Confessions: The Ugly Duckling Stage
Hello! Welcome back for another Confessions post. Again, if you're new to my little blog, this is a weekly series where I try to share some of the behind the scenes happenings in the life of a machine quilter and attempt to clear up the confusion that exists in the quilting world. There are too many instances quilters find themselves in and even with all the books and blogs and tutorials available, a lot gets skipped over because everyone ASSUMES everyone else knows how to do everything. I'm trying to whittle my way through all of these topics and use this as an outlet to help-me-help-you. I hope that makes sense.
Today I would like to discuss the ugly duckling stage. It doesn't happen to every quilt, but most quilts... And sometimes it can happen multiple times to the same quilt.
They say beauty is in the eye of the beholder. That statement has never been more true than in quilting. Everyone has their own style and likes and dislikes and they can change often. Quilters can experience the ugly duckling stage in different ways. Today I'm going to talk a bit about what happens on the long arm side of things.
I have been quilting a ton of custom quilts lately and I love it. It keeps me on my toes and challenged creatively and I'm always coming up with new ideas. Every once in a while a quilt will stump me for a bit, but then once I figure out the way to get my plan to work it's like magic.
With custom quilts I rarely give away my entire plan to my client beforehand or during because:
1. I may not have the entire plan yet
2. I don't like to show my secrets (sometimes I have a trick or two up my sleeve I like to hold back)
3. The plan may change and alter slightly once I actually start on the quilt (the doodles and the real life quilt can look completely different sometimes)
4. The Ugly Duckling Stage
As of late with all of these custom quilts coming, I have had a lot more requests to see pictures of the quilt "in progress" and that always makes me nervous. I know my plan. I have the vision. That's why you send me the quilts.
You don't know the plan. You don't have the vision. That's my job. And when you see the quilt "in progress" it could be in the ugly duckling stage. It's kind of like when you fix up your house and you get new furniture, but then the new furniture looks so good it makes the walls look bad and dingy and now you want to touch up the walls and paint... Same principle. With only parts of the quilt finished, it can make the unquilted areas look ick.
Usually when I do send clients pictures of their quilt "in progress" it's because it's coming along even better than I anticipated and I'm so giddy I can hardly stand it so I have to share the excitement. But the quilt isn't finished yet so some areas may be bare or still in progress too. Sometimes when this happens I have a lapse in judgment and I send off a picture so giddy to get a response. And then it happens...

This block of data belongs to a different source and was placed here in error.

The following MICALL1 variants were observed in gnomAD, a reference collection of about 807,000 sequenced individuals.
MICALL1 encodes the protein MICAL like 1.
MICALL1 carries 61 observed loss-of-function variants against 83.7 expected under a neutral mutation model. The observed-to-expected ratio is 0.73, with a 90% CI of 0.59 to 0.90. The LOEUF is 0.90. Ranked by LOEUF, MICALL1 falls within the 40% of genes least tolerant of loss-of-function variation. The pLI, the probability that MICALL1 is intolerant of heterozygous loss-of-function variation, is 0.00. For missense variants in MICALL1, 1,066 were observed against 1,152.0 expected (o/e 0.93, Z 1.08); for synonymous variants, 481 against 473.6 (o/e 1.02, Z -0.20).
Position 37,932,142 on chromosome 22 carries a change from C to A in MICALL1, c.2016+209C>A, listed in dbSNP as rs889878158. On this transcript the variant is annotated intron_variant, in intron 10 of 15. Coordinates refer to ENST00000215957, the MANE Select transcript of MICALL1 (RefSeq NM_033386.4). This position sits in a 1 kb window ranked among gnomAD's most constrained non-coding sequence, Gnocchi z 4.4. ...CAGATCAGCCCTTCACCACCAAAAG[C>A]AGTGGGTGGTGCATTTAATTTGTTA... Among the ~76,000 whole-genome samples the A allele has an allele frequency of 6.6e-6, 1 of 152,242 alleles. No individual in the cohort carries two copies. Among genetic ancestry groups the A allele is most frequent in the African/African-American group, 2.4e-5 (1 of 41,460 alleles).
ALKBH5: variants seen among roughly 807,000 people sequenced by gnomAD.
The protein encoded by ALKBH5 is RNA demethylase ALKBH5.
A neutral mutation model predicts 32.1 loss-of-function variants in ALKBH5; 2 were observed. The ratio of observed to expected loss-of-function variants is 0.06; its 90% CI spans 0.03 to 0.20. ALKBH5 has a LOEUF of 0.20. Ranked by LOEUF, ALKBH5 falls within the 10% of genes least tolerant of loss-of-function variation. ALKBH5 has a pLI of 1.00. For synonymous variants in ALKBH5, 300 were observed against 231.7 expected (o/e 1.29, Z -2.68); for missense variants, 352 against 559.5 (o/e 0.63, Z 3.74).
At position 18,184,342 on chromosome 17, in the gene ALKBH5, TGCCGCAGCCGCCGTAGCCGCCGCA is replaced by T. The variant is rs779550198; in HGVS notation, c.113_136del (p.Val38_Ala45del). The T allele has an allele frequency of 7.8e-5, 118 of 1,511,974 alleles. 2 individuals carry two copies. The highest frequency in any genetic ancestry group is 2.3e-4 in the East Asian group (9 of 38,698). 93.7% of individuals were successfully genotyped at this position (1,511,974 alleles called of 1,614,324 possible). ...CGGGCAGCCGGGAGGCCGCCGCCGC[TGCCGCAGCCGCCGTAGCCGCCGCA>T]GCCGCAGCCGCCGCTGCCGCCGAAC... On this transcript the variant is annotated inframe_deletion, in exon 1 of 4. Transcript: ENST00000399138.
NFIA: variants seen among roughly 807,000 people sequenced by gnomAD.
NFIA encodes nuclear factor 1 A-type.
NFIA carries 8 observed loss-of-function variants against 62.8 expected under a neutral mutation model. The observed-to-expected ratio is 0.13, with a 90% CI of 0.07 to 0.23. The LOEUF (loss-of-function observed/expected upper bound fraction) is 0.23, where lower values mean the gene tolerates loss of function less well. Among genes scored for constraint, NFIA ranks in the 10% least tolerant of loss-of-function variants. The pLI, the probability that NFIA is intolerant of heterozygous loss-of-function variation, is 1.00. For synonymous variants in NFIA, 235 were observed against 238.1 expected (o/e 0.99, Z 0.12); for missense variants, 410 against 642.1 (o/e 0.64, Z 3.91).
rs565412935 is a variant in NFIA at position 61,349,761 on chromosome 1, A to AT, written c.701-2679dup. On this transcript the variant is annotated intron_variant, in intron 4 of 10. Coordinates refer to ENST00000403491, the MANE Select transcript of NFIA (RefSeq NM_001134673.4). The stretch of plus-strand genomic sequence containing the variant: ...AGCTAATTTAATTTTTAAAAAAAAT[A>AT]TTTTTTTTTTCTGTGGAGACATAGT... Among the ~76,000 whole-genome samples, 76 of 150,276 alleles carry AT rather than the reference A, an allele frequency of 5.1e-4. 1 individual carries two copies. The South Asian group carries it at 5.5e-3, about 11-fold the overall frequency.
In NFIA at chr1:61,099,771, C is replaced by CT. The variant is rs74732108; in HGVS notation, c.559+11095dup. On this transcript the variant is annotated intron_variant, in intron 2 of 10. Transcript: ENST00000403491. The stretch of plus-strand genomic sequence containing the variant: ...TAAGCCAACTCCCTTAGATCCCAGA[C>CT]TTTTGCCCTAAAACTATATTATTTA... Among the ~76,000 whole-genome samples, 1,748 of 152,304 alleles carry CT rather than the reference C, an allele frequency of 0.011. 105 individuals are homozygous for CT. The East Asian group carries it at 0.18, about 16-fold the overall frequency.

I get the "I like _____ but I'm not loving ____" or "that part will get quilted and look better, right?" and nothing gets mentioned about the reason I sent the picture in the first place and my heart sinks. Truly it does. With a job like this you pour your heart and soul into these quilts - you have to have a passion for this because it shows - and sometimes getting that response knocks the wind out of my sails and then I get anxious and nervous that they don't like it and I start to second guess myself when I was so passionate about the plan I had a few minutes ago and excited for how it was turning out...
And then I don't want to work on the quilt anymore because what if they don't like it and blah blah blah. Gosh darn that ugly duckling! Seriously, there are some quilts that behind the scenes I will consult with some of my long arming friends on ideas and plans and there will be this whole nervous breakdown over the smallest detail and my clients have absolutely no idea. It's nothing against their work or their quilts, it's all part of the artistic process.
So that's when I take a break, walk away for a bit, maybe play with Maura or go grab myself an adult beverage and come back to it refreshed and relaxed. Usually that is enough to brush aside any residual anxiety and get back to work.
And you know what happens? The quilt turns out amazing, sometimes even better than I could have imagined and life goes on. Sometimes even the part that people complained about initially then becomes their favorite.
This is where the ugly duckling stage can happen in quilts too. Maybe sometimes it's a bundle of fabric that has that one piece in it you can't stand but if you take it away, the rest goes blah. Maybe it's that block you had trouble piecing and you're sick of looking at it. Maybe it's just that quilt that you don't like but you started it and you're bound and determined to finish it even if it'll kill you. Don't write off the whole project and toss it aside never to see the light of day again. Maybe, just take a small break, come back to it after a bit and try again.
If you still don't like whatever was bugging you after that break, rip it out, start over, throw it in the trash. But give it a second chance! Try to push through and get to the finish line before you officially don't like it anymore. I LOVE when clients bring me quilts that they finished and they don't like it anymore - that's my chance to help them fall in love with it all over again and realize why they started it in the first place!
Ugly ducklings don't stay ugly forever!!!